There was a time when ownership of a Haynes Owners’ Workshop Manual was confined to careful car owners and eager grease monkeys, but in recent years the series has expanded into the realm of space and beyond. This manual has perhaps the broadest remit in ostensibly covering ‘the origin, evolution and future’ of the planet we live on and, according to its subtitle, its history ‘from 4.5 billion years ago to the present’. And all in a little over 200 pages!
The book is divided into eight chapters covering the Earth’s formation, its geology, oceans and atmosphere and the ‘impact of life on Earth’. One thing the ‘genesis’ chapter does well is place Earth in context with the rest of the solar system, by comparing it with other planets and particularly with the Moon. Later sections on plate tectonics and continental drift will be familiar to those who studied geography at school, but the set of diagrams credited to Greatarsson should help to enhance their understanding of the subject. In fact, the publisher’s picture editor has done an excellent job throughout. The book is well illustrated with colour photos and diagrams and has a useful index.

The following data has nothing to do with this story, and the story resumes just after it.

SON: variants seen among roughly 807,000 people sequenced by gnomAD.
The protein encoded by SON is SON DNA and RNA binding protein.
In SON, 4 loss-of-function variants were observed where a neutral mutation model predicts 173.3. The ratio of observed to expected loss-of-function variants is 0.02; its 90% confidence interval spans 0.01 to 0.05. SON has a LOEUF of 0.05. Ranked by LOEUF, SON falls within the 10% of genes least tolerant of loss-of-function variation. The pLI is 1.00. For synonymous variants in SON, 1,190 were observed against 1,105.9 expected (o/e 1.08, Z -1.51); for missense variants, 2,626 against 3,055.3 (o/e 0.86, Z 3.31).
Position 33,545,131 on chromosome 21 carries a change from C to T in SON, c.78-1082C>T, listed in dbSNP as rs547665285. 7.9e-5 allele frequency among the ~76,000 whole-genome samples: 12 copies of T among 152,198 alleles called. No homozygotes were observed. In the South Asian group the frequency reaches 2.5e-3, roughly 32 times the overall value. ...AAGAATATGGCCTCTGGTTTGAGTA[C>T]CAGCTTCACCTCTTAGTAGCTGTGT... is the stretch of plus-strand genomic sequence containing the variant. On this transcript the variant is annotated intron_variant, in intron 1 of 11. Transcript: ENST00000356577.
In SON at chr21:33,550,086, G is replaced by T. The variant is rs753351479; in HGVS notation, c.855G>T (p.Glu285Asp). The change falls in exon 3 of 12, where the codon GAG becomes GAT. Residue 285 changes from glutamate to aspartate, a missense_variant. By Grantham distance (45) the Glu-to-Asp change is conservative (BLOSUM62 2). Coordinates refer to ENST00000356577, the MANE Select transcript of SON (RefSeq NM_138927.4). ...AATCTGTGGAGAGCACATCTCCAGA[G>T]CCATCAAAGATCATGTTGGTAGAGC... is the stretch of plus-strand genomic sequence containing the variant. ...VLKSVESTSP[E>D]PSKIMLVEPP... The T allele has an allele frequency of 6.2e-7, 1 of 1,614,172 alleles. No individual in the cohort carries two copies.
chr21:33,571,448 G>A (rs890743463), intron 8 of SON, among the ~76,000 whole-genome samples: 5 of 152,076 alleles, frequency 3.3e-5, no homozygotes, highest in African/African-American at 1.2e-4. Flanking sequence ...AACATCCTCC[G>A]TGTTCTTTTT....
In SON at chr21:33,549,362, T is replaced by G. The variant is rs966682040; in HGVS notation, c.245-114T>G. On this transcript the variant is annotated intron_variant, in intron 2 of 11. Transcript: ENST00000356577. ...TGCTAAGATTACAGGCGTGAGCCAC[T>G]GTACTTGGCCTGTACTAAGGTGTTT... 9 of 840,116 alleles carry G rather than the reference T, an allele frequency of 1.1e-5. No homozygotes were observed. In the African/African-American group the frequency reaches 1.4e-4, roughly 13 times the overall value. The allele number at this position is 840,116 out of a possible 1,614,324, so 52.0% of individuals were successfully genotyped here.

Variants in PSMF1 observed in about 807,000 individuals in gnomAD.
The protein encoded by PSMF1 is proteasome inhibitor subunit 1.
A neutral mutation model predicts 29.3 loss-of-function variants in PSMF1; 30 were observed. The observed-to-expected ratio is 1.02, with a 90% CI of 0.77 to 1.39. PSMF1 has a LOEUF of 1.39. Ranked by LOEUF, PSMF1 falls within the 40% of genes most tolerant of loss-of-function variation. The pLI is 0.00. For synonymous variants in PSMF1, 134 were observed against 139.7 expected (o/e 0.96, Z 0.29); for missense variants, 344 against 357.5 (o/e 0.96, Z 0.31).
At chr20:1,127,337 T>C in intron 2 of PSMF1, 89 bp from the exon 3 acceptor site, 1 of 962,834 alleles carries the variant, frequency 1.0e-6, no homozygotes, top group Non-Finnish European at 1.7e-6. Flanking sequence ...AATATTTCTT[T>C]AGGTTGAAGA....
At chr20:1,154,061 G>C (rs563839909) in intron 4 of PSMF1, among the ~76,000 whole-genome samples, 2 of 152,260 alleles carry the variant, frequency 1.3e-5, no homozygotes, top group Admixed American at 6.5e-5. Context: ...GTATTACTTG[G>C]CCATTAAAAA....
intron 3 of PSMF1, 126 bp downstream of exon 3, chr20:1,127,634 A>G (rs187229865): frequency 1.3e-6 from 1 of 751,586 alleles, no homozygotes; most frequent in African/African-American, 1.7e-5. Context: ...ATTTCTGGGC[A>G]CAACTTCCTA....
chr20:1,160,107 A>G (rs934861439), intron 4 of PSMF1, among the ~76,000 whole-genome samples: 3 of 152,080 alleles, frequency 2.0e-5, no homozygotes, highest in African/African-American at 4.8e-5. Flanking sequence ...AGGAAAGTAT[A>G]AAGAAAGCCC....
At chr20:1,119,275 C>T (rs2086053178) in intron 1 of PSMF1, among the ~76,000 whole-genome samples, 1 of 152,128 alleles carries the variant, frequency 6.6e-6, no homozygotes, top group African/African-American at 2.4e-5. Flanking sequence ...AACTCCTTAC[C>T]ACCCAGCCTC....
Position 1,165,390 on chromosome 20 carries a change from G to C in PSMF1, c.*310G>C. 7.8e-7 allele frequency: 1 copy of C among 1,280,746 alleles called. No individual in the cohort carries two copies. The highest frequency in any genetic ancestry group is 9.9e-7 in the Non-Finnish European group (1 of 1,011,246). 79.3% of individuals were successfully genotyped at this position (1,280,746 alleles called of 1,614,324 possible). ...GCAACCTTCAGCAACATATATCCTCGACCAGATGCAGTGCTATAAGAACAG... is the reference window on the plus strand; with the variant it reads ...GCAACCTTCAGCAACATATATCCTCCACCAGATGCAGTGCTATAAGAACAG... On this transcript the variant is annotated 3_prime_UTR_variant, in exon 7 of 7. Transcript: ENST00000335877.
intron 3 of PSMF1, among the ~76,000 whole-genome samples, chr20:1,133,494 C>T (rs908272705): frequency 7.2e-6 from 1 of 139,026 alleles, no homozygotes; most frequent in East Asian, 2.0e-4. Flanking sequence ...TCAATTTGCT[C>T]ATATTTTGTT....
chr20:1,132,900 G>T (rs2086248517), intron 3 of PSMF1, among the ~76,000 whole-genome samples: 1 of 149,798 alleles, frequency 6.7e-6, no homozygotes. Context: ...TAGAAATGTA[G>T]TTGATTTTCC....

Is it really an owners’ workshop manual? In a word, no; it’s hard to see how Haynes can justify extending the series into ever more esoteric subjects, but that shouldn’t detract from the quality of its publications. Planet Earth is a book that should prove useful to all students of geomorphology and earth science.